The time to be convincing and concise in your speeches and presentations is now. You can’t expect someone else to do it for you, and you definitely can’t expect your audience to listen to your blabbing over and over again.
Even the most experienced executive needs to convince a board during a presentation.
“The key to brevity in the boardroom is to always start by asking, what does the board already know?” says Elie Maalouf, an experienced business executive and chief executive officer of The Americas at InterContinental Hotels Group (IHG). “You really must have a good feeling for what the shared platform of information is. It’s vital to first understand that common ground.”
If you think about it, the same is true for sales presentations, or any kind of presentation. Instead of wasting time introducing yourself and your company to clients who already have access to basic information, focus on convincing them why your recommendation should merit their support.
Focus on sharing only new and meaningful information, and your presentation will transform in a conversation.
It’s Time to Be Convincing and Concise
Timing is crucial when delivering a presentation to your boardroom members, or a sales pitch to your clients, when pitching your business idea to investors, or when you want to get your employees to adopt a new initiative.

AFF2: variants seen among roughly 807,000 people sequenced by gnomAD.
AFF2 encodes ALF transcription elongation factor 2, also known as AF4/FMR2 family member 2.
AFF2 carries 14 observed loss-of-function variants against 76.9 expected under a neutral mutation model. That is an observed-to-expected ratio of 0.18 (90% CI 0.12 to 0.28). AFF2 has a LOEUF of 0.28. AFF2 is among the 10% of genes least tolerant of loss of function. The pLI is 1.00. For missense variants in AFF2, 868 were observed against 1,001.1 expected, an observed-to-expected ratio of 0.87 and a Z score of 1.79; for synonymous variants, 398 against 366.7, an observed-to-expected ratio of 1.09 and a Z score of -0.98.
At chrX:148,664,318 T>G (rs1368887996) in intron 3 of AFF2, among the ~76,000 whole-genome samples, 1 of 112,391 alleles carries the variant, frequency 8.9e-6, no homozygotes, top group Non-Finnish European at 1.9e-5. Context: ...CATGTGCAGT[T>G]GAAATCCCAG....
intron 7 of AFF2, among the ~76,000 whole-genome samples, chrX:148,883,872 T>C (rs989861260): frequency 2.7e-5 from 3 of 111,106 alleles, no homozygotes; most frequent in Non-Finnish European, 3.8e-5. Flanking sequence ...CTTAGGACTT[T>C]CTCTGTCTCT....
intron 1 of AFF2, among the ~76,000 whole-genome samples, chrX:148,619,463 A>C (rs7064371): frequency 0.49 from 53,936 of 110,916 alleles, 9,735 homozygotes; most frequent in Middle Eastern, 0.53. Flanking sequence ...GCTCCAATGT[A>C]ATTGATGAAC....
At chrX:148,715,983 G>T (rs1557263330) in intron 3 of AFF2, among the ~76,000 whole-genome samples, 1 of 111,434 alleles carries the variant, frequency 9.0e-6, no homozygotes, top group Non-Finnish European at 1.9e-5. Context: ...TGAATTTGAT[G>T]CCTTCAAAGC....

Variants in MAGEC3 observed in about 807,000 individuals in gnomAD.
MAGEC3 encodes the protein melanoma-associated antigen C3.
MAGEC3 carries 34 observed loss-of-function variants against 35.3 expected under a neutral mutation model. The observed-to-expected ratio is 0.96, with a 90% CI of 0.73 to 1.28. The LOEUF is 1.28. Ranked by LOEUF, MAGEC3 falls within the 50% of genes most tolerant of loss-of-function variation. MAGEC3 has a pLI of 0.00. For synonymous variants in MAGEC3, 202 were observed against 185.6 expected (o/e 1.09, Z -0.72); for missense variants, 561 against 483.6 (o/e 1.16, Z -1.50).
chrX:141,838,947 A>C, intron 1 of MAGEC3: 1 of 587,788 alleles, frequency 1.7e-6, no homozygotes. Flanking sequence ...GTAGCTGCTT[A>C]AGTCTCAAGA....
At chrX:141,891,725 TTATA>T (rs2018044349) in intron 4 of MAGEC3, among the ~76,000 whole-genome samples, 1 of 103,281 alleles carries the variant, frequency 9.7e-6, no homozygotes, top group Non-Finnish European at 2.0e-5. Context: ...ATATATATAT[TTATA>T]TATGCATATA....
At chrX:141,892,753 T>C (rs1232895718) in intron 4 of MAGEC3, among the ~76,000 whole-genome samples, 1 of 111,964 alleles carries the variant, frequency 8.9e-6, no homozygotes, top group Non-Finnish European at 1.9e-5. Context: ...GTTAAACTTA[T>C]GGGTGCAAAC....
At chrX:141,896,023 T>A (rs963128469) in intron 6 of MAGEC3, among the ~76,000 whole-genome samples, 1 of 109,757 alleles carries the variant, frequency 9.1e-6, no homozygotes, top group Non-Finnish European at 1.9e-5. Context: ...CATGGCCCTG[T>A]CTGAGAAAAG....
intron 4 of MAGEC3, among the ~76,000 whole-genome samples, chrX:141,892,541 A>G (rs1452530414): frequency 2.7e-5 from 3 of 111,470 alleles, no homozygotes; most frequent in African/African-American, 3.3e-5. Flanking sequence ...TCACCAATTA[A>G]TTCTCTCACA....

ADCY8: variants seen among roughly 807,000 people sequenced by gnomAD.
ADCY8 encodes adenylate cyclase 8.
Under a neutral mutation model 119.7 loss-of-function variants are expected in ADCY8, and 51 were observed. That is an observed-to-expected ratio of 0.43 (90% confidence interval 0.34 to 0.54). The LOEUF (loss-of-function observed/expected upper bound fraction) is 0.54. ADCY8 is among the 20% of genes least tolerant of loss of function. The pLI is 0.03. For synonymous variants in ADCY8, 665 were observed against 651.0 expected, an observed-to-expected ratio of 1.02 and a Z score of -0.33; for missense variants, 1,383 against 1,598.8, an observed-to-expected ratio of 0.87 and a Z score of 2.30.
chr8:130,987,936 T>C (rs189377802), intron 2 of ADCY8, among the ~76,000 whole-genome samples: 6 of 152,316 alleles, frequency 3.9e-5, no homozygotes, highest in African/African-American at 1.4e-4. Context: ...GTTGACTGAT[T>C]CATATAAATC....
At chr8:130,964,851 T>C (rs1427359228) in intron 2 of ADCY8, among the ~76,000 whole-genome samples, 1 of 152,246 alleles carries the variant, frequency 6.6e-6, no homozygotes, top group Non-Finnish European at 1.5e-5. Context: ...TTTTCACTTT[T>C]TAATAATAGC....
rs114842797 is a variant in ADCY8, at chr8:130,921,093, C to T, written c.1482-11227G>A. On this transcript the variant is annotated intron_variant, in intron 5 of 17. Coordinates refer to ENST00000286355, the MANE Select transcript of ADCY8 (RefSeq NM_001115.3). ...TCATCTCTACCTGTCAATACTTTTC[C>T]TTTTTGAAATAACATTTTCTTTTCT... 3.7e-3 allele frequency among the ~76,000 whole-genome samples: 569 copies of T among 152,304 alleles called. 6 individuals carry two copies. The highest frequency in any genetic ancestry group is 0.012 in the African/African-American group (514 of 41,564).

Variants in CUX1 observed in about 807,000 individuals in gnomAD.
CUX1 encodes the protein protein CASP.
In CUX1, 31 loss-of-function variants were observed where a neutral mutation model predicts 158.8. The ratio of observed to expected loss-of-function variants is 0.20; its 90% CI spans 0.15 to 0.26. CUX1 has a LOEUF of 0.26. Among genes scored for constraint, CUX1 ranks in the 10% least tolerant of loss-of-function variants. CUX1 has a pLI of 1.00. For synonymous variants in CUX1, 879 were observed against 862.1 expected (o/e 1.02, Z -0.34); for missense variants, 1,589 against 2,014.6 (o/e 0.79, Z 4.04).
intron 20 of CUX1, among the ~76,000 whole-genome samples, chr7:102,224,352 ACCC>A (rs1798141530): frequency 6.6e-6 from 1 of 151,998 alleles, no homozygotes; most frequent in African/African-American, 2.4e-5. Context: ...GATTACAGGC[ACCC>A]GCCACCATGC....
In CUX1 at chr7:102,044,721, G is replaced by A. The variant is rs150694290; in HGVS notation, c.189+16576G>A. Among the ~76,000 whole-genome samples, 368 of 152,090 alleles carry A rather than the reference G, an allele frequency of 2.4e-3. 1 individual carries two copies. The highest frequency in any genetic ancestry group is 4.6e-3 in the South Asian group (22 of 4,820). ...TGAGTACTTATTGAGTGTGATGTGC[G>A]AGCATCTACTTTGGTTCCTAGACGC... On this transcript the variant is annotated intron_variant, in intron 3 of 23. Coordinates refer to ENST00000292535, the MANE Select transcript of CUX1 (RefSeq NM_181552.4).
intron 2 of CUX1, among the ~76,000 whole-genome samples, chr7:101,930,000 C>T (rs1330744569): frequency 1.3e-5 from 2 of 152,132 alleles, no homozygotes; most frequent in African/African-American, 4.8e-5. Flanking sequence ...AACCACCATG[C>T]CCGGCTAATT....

You need to make an impression of the value you will deliver in the first five minutes of your presentation, and you can do that by being convincing and concise.
You also need to observe how your statements affect your audience by studying their body language. You can easily tell if the information you’re sharing is sinking in, or whether somebody wants to stop and dive in somewhere.
“Speaking slowly and sensing the mood in the room will give you command of the situation. You’ll also be able to stop where you need and to take a question. Because when people are festering on a question, they’re not hearing the next 10 pages you go through,” Maalouf said.
Be Prepared to Condense Your Speech
Whether presenting in front of a boardroom or pitching a new client, you always have to be prepared to condense your pitch. Something can happen at any moment of your presentation: Your client might have an emergency to take care of, his or her schedule might suffer drastic changes, and from two hours of presentation you might find yourself with only 30 minutes.
“Brevity should not be conflated or confused with lack of information,” Maalouf warns. “Give your audience brevity and assurance.”
Remember, the key to successful presentations and pitches is to be convincing and concise.
Want to know more about being brief? Check out The Brief Practitioner, an online course from The Brief Lab that teaches executives how to avoid information overload and become lean, effective leaders and communicators.